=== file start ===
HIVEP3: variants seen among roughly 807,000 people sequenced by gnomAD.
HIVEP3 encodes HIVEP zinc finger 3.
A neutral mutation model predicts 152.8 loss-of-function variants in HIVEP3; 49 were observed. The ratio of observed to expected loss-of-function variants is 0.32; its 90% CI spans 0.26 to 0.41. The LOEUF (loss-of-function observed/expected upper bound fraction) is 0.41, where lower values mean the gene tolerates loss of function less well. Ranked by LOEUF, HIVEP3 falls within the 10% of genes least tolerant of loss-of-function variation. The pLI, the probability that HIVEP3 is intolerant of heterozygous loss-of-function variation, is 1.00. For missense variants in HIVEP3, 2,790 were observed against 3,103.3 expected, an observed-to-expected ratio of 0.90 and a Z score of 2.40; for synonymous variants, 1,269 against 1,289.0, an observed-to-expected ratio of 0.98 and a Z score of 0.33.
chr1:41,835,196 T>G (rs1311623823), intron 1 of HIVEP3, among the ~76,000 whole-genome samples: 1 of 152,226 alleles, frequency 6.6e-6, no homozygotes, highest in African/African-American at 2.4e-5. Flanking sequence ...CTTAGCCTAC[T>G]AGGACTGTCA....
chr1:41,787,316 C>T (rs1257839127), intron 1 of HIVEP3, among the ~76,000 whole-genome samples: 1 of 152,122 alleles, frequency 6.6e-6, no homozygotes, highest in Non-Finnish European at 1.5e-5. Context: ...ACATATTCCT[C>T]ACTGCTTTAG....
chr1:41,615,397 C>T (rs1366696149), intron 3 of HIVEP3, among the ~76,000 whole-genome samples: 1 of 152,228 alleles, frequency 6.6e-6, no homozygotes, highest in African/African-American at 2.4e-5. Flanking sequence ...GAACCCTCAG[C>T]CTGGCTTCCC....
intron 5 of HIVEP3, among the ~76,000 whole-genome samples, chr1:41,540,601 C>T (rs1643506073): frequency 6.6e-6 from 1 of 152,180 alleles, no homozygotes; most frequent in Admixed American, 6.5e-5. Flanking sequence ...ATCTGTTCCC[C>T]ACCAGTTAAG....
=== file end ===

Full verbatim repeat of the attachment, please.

HIVEP3: variants seen among roughly 807,000 people sequenced by gnomAD.
HIVEP3 encodes HIVEP zinc finger 3.
A neutral mutation model predicts 152.8 loss-of-function variants in HIVEP3; 49 were observed. The ratio of observed to expected loss-of-function variants is 0.32; its 90% CI spans 0.26 to 0.41. The LOEUF (loss-of-function observed/expected upper bound fraction) is 0.41, where lower values mean the gene tolerates loss of function less well. Ranked by LOEUF, HIVEP3 falls within the 10% of genes least tolerant of loss-of-function variation. The pLI, the probability that HIVEP3 is intolerant of heterozygous loss-of-function variation, is 1.00. For missense variants in HIVEP3, 2,790 were observed against 3,103.3 expected, an observed-to-expected ratio of 0.90 and a Z score of 2.40; for synonymous variants, 1,269 against 1,289.0, an observed-to-expected ratio of 0.98 and a Z score of 0.33.
chr1:41,835,196 T>G (rs1311623823), intron 1 of HIVEP3, among the ~76,000 whole-genome samples: 1 of 152,226 alleles, frequency 6.6e-6, no homozygotes, highest in African/African-American at 2.4e-5. Flanking sequence ...CTTAGCCTAC[T>G]AGGACTGTCA....
chr1:41,787,316 C>T (rs1257839127), intron 1 of HIVEP3, among the ~76,000 whole-genome samples: 1 of 152,122 alleles, frequency 6.6e-6, no homozygotes, highest in Non-Finnish European at 1.5e-5. Context: ...ACATATTCCT[C>T]ACTGCTTTAG....
chr1:41,615,397 C>T (rs1366696149), intron 3 of HIVEP3, among the ~76,000 whole-genome samples: 1 of 152,228 alleles, frequency 6.6e-6, no homozygotes, highest in African/African-American at 2.4e-5. Flanking sequence ...GAACCCTCAG[C>T]CTGGCTTCCC....
intron 5 of HIVEP3, among the ~76,000 whole-genome samples, chr1:41,540,601 C>T (rs1643506073): frequency 6.6e-6 from 1 of 152,180 alleles, no homozygotes; most frequent in Admixed American, 6.5e-5. Flanking sequence ...ATCTGTTCCC[C>T]ACCAGTTAAG....